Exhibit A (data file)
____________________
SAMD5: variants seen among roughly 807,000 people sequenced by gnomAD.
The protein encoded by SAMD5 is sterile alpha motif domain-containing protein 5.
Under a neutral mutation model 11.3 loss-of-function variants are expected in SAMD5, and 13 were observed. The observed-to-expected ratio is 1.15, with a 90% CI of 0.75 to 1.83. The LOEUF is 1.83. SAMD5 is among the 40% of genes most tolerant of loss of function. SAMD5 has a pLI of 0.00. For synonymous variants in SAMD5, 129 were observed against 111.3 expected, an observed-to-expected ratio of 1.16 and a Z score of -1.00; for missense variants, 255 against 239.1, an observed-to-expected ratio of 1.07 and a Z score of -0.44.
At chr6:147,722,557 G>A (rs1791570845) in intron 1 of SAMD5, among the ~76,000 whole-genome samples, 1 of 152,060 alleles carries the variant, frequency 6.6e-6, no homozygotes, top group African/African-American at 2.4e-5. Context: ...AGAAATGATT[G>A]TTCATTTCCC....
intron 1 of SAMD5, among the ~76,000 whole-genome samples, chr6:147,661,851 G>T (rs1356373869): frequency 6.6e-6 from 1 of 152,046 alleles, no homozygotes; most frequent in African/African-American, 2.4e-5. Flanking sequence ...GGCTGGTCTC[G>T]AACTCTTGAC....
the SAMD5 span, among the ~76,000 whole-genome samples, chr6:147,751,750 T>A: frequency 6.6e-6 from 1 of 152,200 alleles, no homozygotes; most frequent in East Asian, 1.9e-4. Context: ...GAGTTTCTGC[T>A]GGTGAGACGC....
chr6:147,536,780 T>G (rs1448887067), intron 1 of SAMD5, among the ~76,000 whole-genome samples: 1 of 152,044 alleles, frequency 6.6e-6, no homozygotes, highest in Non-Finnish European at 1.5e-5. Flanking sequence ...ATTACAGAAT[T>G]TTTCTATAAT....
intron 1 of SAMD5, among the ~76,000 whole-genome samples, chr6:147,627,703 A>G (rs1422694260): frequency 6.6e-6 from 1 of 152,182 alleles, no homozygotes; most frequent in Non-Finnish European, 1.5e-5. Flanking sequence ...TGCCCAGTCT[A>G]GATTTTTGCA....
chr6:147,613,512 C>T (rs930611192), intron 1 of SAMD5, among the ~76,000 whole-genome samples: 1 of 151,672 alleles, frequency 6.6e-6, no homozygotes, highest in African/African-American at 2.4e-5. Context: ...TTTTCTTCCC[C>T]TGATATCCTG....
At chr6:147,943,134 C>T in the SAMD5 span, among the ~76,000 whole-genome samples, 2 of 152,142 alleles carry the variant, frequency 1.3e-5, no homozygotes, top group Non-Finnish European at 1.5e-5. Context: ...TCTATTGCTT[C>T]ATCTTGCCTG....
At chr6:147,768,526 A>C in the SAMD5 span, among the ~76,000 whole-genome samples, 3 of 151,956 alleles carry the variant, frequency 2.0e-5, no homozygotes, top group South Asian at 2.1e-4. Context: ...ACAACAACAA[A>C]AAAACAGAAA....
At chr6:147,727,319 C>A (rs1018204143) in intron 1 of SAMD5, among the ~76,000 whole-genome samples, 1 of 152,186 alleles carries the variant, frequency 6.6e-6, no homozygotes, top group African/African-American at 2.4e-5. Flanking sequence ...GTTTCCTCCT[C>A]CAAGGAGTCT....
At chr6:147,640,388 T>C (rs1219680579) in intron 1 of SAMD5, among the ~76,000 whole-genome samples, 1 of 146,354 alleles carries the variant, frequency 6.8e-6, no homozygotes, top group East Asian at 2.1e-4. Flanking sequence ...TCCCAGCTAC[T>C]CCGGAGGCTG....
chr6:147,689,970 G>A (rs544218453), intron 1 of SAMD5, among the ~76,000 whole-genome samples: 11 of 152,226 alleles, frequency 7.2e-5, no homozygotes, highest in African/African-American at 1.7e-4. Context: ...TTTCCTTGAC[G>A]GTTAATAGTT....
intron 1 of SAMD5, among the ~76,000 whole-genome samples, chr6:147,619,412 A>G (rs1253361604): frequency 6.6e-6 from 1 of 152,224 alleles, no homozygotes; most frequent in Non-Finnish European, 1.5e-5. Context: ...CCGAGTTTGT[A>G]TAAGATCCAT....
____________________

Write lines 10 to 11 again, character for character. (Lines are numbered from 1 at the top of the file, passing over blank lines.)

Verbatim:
At chr6:147,943,134 C>T in the SAMD5 span, among the ~76,000 whole-genome samples, 2 of 152,142 alleles carry the variant, frequency 1.3e-5, no homozygotes, top group Non-Finnish European at 1.5e-5. Context: ...TCTATTGCTT[C>T]ATCTTGCCTG....
At chr6:147,768,526 A>C in the SAMD5 span, among the ~76,000 whole-genome samples, 3 of 151,956 alleles carry the variant, frequency 2.0e-5, no homozygotes, top group South Asian at 2.1e-4. Context: ...ACAACAACAA[A>C]AAAACAGAAA....